Heart checks for athletes ahead of Olympics

CRY receptionHouse of Commons13/10/2011

A CHARITY aiming to tackle cardiac problems in young athletes has won Parliamentary backing.

Mark Menzies, MP for Fylde, met with charity Cardiac Risk in the Young (CRY) at a high profile parliamentary event last week aimed at raising the importance of screening young athletes at  ‘grass roots’ level.

During the event Mr Menzies met with a number of young ‘Olympic hopefuls’ who were keen to highlight the importance of promising young athletes being offered specialist cardiac screening at the outset of their training careers.

Professor Sanjay Sharma, CRY’s Consultant Cardiologist and newly appointed cardiologist for the 2012 Olympics addressed the audience of MPs and families who had been affected by the tragic condition, young sudden cardiac death.

Professor Sharma said “Cardiac screening for these conditions is a very specialist area of medicine and screening of athletes is right at the cutting edge of this challenge.  It is vital that those carrying out the screening of these young people have an expert understanding of an “athletes’ heart” – as they can often ‘look’ and behave’ differently to that of a non-athlete due to the intensive pressure and level of endurance they are constantly put under.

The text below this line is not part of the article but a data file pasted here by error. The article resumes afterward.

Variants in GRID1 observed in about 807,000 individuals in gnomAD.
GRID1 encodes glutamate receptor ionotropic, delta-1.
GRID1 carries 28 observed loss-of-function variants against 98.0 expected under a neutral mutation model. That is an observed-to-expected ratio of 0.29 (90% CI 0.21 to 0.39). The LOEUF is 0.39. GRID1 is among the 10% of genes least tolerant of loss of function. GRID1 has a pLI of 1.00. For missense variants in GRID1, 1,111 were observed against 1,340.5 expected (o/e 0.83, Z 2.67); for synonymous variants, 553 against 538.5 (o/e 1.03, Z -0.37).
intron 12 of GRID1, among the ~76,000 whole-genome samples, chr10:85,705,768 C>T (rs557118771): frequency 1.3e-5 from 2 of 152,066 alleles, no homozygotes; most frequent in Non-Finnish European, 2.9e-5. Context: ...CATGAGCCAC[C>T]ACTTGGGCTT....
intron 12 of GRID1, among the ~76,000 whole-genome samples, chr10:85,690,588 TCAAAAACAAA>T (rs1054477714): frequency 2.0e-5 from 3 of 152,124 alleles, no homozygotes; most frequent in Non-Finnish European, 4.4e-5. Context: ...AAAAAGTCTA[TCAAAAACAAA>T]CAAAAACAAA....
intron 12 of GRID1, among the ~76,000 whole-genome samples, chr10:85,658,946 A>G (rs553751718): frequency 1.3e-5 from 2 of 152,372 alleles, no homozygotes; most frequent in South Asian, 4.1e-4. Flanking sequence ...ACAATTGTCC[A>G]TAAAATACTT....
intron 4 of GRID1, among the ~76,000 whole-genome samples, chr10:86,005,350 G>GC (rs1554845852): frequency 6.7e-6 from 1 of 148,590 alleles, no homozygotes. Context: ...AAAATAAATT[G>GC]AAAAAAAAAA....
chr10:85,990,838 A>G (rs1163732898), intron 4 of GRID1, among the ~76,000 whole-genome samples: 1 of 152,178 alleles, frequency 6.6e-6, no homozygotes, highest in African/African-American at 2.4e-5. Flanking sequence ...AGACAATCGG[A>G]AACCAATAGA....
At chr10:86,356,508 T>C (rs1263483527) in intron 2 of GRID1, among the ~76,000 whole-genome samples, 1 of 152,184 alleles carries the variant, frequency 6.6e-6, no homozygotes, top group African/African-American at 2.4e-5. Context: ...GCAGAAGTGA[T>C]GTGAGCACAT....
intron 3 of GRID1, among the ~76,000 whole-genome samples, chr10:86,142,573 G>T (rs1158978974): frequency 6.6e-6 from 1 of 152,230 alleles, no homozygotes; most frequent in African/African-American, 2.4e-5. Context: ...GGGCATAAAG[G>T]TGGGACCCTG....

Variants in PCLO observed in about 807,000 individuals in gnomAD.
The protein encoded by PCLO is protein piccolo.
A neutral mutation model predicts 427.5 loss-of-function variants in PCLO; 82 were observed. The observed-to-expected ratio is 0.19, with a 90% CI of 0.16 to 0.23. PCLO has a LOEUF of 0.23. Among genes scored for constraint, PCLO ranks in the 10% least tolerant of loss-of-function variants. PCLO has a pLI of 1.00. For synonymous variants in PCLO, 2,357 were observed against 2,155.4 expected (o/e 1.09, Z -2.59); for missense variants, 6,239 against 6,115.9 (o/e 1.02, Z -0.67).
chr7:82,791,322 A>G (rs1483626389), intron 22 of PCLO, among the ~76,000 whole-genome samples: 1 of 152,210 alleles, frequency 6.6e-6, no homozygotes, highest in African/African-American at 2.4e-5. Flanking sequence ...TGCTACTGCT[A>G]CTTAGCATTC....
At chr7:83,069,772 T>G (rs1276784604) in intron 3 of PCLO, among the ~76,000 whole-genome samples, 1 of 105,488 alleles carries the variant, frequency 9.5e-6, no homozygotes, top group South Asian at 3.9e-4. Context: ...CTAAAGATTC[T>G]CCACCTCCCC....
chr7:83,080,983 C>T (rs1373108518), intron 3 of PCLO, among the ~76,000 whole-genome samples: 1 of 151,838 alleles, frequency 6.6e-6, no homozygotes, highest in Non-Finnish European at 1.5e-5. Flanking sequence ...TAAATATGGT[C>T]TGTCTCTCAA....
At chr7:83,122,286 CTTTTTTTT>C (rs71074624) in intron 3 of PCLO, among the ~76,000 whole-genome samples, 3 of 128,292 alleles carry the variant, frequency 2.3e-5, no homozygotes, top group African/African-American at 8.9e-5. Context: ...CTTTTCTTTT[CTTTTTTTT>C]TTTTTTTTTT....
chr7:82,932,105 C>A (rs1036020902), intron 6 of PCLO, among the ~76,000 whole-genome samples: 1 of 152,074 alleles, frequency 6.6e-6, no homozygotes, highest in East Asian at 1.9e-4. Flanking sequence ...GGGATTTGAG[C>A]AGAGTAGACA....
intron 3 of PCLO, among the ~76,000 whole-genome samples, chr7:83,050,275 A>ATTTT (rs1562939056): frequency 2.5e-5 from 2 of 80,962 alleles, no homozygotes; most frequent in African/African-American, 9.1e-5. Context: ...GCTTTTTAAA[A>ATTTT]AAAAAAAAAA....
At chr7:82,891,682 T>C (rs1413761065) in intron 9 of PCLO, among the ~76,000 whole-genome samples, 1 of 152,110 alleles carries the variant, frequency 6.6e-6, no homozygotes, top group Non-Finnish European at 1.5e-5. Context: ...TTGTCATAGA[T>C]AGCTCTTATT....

“However, the stakes are high, especially as we again approach one of the world’s greatest sporting events – this time and most excitingly, on our own turf.”

“A ‘false negative’ could instantly mean the end of a professional sportsman’s career or leave them permanently side-lined, but, missing or ignoring a warning sign could have fatal consequences. It is vital that our leading sportspeople are seen and assessed by specially trained experts, and that this is done early in their careers.”

CRY has worked with leading sports to ensure that screening is widely accessible to high endurance sports people and has now screened more than 1,000 athletes in the last three years, many of whom will be representing Team GB next year.

During that time a number of people were identified with abnormalities that required ongoing monitoring together with a further small number who were identified as having potentially serious conditions requiring minor lifestyle adjustments and ongoing monitoring. Also, one person has now had corrective heart surgery and has been able to return to their sport at the highest level. Without screening, the outcome could have resulted in another tragedy.

Chief Executive and Founder of CRY, Alison Cox MBE, adds; “The sporting bodies we have worked with over the last few years recognise and support our aims of preventing these premature, adolescent deaths in our young sportspeople and very grateful to Mr Menzies for showing his support to our ongoing campaign.”

 

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